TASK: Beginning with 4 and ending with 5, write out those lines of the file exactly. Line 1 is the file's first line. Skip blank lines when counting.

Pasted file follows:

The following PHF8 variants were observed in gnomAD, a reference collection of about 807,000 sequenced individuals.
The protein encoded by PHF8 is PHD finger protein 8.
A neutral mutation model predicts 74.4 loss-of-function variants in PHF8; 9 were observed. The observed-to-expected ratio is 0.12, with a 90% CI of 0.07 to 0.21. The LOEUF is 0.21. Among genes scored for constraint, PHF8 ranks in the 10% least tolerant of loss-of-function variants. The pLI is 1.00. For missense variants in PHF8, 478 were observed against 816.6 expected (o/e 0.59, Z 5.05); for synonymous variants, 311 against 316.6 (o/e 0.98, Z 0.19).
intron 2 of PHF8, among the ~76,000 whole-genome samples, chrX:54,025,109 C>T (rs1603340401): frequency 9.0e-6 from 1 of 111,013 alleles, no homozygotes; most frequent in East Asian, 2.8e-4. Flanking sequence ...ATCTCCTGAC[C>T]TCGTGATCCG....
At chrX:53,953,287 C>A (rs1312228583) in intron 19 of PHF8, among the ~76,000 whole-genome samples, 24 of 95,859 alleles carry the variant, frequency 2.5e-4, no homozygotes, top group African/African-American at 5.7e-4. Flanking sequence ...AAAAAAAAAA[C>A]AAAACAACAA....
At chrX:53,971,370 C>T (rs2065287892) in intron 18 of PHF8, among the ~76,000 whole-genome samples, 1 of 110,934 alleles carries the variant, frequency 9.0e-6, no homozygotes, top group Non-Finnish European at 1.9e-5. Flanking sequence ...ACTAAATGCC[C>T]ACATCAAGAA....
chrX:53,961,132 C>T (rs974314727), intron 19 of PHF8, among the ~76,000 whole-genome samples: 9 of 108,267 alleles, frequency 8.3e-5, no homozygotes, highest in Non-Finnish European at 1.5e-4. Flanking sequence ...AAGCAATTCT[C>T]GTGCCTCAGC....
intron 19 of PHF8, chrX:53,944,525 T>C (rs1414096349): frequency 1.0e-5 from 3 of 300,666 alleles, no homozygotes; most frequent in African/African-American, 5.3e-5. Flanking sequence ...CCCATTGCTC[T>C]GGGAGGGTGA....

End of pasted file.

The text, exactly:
intron 2 of PHF8, among the ~76,000 whole-genome samples, chrX:54,025,109 C>T (rs1603340401): frequency 9.0e-6 from 1 of 111,013 alleles, no homozygotes; most frequent in East Asian, 2.8e-4. Flanking sequence ...ATCTCCTGAC[C>T]TCGTGATCCG....
At chrX:53,953,287 C>A (rs1312228583) in intron 19 of PHF8, among the ~76,000 whole-genome samples, 24 of 95,859 alleles carry the variant, frequency 2.5e-4, no homozygotes, top group African/African-American at 5.7e-4. Flanking sequence ...AAAAAAAAAA[C>A]AAAACAACAA....